Play and Do Nothing

Recently I read the book Overwhelmed: Work, Love, and Play When No One Has the Time by Brigid Schulte.

Anyone who feels time-starved or overcommitted can immediately relate to Brigid’s story. Two kids, busy job, somewhat helpful spouse, and the constant running and striving and doing and never stopping and yet the list never gets done.

I was shocked by how much the book and Brigid’s experience of overwhelm resonated with me. It gave me the chance to say, “shoot, that’s totally me, too.” Through the author, I could step outside of myself and see the impact of living my own overwhelmed life.

We discussed the book in my book club and seemed to gravitate towards two ideas: where we can create play in our lives, and where we can create pauses to do nothing.

“Do nothing?” I cried. “What does that even mean?!” I was equally out to sea when it came to our discussion about where I had play planned into my life. Um. Nowhere.

But I was left with this thought: How can I not know how to play and do nothing? What the heck? I used to know. Where did that person go?

I chewed on these questions for days.

I think most of us could benefit from a slower pace of life. I don’t know anyone who wouldn’t want just a little more spaciousness, a few less things to get done. Especially during the holidays. This feels like a good time of the year to turn the dial down a few notches.

So, without adding more to my ‘to-do list,’ I’ve started to look for opportunities to add more play, space and stillness to my life. And I started with date night.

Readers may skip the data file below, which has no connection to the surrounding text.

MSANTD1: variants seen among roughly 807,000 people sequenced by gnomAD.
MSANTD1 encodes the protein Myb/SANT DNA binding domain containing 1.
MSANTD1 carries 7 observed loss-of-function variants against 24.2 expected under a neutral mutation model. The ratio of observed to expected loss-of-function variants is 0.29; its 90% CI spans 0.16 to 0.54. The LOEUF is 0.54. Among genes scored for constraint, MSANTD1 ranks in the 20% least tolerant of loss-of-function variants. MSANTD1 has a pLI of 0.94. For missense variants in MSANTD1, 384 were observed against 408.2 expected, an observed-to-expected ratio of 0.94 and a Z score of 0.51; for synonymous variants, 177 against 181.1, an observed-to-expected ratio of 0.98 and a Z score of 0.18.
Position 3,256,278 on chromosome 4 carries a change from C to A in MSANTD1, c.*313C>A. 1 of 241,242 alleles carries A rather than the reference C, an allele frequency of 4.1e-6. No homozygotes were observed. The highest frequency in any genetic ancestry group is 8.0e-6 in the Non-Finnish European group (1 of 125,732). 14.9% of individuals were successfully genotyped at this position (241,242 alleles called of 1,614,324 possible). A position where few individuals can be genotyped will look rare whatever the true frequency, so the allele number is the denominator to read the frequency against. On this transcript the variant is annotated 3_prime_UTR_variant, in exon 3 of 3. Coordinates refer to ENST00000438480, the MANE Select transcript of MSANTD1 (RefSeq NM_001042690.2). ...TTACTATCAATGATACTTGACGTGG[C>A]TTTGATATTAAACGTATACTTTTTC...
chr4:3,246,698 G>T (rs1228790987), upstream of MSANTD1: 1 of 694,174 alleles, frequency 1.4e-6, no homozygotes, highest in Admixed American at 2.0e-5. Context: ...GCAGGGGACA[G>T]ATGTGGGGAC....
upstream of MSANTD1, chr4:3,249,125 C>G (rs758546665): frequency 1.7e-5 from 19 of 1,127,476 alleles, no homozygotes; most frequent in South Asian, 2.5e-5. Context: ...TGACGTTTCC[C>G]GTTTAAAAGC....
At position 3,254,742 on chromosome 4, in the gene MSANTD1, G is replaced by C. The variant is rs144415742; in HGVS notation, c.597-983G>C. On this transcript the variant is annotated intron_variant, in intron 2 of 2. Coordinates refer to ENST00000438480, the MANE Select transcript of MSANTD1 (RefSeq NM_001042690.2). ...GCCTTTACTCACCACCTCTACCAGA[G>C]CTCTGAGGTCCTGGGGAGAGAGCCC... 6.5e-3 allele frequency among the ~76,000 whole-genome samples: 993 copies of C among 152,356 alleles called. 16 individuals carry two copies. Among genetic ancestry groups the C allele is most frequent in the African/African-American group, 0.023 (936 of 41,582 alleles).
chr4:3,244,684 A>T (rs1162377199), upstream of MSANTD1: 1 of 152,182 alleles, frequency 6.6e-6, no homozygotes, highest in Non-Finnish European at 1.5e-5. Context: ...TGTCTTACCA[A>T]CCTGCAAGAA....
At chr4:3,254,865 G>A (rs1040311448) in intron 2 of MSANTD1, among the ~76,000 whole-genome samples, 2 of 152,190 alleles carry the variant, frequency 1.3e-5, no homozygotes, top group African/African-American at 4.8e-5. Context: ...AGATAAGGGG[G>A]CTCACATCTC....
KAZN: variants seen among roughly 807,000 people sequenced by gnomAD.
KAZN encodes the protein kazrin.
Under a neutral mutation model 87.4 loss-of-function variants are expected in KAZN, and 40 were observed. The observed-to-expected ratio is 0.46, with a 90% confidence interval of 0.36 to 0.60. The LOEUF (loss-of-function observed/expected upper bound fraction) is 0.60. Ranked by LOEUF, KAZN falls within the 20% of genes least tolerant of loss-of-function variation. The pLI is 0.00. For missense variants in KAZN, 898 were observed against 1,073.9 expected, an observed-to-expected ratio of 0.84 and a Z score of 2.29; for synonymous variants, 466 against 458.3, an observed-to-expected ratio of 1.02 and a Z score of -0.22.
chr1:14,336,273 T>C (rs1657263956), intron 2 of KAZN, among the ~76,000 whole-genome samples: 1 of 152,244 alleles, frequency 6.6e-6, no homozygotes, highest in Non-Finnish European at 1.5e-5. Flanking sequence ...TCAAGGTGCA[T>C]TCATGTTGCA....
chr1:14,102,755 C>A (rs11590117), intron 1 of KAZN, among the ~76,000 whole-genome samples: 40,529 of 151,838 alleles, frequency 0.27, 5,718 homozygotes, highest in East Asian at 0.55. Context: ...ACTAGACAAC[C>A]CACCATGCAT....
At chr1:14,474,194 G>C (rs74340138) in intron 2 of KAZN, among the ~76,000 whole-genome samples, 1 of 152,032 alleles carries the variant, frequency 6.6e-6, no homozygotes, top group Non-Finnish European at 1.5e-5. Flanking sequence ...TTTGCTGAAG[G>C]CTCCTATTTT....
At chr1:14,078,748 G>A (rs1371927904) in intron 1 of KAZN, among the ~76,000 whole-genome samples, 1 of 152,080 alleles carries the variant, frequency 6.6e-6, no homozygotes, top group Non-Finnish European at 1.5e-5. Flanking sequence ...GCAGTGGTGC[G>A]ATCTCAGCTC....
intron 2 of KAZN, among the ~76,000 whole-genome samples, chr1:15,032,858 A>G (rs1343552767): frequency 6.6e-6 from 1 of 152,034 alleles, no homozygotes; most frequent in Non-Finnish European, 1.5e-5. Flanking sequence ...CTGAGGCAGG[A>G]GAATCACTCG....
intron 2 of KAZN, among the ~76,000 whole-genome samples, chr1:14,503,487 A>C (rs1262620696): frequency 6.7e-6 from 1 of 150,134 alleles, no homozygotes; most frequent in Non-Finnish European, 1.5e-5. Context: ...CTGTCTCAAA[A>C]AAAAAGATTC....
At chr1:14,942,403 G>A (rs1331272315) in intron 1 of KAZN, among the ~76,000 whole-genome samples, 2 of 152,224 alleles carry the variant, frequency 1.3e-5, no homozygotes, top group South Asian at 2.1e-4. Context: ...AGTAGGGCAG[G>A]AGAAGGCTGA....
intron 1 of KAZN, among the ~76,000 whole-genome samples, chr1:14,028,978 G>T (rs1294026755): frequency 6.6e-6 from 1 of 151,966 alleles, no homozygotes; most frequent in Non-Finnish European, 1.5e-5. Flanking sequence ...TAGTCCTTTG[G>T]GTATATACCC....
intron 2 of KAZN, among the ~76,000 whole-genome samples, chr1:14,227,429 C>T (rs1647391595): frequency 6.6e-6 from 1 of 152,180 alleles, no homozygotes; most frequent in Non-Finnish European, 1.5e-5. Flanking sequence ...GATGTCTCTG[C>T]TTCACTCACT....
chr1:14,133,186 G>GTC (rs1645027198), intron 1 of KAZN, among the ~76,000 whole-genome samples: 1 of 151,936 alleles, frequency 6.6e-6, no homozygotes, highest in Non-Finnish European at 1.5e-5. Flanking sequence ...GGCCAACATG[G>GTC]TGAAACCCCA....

Two weeks ago, Marc and I left the kids with our sitter on Saturday night like we normally do, but instead of eating out or going to a movie, we just walked. We walked for nearly two hours. There was no agenda, no set route, no time limit. There was no reservation to get to or traffic to sit through. There was just one foot in front of the other, walking through our neighborhood, lost in conversation, obvious to the miles. It was bliss.

The following day, I took stock of play and made a list of all the things I love to do that are only for my pure enjoyment. Art, as it turns out, is one of these things. So, I recruited my 7-year-old to join me at a pottery studio where we spent an hour painting. Quietly, peacefully, we focused our attention on our brushes and brought the bland taupe ceramic to life with color.

This past weekend: another walk, another art project, and a few moments each day to just sit in silence — the slow work of creating a new habit.

“You can’t manage time. Time never changes,” Brigid relays in her books. “There will always be 168 hours in a week. What you can manage are the activities you choose to do in your time.”

I’ve heard it said that no one on their deathbed ever wishes they had worked more. I imagine many wish they would have slowed down more, played more, connected more, done less.

Do less. Play more. It belongs on a bumper sticker or tattooed on my arm.

We share a lot of ideas here on Asheville Date Night Guide for things to do on date night. But here’s one I personally hope you take on: play and do nothing! See if that feels good. If it does, plan for more of it.

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I’d love to hear from you. How will you add more play and space in your life? Leave a comment and share your experience.

Feature Image: Asheville photographers Tessa and Chris of www.folkandwayfarer.com

ABOUT THE AUTHOR

Kristen Manieri is the Founder and Editor of Date Night Guide, as well as a prolific freelance writer. She regularly appears on FOX35 Orlando and has been featured in Good Housekeeping Magazine and on Babble.com. Kristen lives in Orlando with her husband, Marc, and her two daughters. Listen to her on The Synced Life, a podcast dedicated to conversations on human connection.


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